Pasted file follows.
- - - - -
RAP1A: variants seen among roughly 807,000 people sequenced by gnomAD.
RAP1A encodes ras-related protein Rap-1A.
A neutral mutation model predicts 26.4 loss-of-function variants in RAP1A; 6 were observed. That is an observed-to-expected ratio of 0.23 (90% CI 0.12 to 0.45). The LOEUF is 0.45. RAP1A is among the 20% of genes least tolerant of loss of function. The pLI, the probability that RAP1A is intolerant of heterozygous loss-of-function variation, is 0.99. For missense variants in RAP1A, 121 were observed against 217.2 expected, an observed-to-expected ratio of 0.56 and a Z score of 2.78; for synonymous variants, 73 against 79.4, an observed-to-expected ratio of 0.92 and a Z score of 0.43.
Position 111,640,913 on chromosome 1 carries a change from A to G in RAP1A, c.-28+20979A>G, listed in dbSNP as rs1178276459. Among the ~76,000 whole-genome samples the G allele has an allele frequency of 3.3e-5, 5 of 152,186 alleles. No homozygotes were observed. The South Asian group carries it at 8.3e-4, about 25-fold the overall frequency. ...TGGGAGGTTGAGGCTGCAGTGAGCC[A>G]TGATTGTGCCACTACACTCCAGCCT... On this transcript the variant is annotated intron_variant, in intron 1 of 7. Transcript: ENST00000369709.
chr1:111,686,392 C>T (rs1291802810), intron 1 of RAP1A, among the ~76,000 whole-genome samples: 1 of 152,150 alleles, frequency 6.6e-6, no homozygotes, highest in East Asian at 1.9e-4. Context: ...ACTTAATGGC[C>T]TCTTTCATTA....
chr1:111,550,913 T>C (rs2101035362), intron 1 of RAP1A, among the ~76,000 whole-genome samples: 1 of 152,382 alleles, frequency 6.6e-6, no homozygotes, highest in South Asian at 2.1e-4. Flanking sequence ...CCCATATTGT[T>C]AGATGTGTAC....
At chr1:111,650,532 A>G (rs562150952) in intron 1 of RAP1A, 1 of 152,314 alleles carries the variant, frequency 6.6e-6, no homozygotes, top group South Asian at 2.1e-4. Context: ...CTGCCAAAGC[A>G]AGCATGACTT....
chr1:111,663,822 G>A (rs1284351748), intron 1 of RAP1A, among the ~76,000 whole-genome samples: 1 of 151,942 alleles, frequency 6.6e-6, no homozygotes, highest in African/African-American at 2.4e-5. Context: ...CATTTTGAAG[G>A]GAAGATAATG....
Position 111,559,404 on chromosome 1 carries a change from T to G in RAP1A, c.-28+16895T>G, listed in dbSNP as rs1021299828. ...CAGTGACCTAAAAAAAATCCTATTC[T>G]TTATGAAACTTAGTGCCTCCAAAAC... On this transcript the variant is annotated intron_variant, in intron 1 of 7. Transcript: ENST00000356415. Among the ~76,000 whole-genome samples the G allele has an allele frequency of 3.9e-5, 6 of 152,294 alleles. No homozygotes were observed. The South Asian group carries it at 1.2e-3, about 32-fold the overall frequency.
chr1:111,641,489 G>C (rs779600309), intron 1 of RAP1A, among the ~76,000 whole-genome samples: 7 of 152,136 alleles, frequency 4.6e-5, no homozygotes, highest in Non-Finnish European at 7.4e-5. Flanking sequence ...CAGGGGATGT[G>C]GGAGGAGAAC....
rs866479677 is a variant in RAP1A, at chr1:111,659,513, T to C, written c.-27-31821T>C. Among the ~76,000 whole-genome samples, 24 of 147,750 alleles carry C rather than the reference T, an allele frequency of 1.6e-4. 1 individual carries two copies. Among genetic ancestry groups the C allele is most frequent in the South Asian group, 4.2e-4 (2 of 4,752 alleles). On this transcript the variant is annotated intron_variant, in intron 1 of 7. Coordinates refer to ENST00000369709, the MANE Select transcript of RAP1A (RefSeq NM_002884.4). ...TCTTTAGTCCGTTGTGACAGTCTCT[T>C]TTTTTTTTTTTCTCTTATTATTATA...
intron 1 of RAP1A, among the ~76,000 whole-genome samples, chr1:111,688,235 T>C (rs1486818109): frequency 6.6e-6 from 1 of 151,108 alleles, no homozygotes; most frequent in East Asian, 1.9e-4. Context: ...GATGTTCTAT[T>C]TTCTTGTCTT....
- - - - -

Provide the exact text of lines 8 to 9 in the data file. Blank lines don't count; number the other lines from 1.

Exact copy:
chr1:111,663,822 G>A (rs1284351748), intron 1 of RAP1A, among the ~76,000 whole-genome samples: 1 of 151,942 alleles, frequency 6.6e-6, no homozygotes, highest in African/African-American at 2.4e-5. Context: ...CATTTTGAAG[G>A]GAAGATAATG....
Position 111,559,404 on chromosome 1 carries a change from T to G in RAP1A, c.-28+16895T>G, listed in dbSNP as rs1021299828. ...CAGTGACCTAAAAAAAATCCTATTC[T>G]TTATGAAACTTAGTGCCTCCAAAAC... On this transcript the variant is annotated intron_variant, in intron 1 of 7. Transcript: ENST00000356415. Among the ~76,000 whole-genome samples the G allele has an allele frequency of 3.9e-5, 6 of 152,294 alleles. No homozygotes were observed. The South Asian group carries it at 1.2e-3, about 32-fold the overall frequency.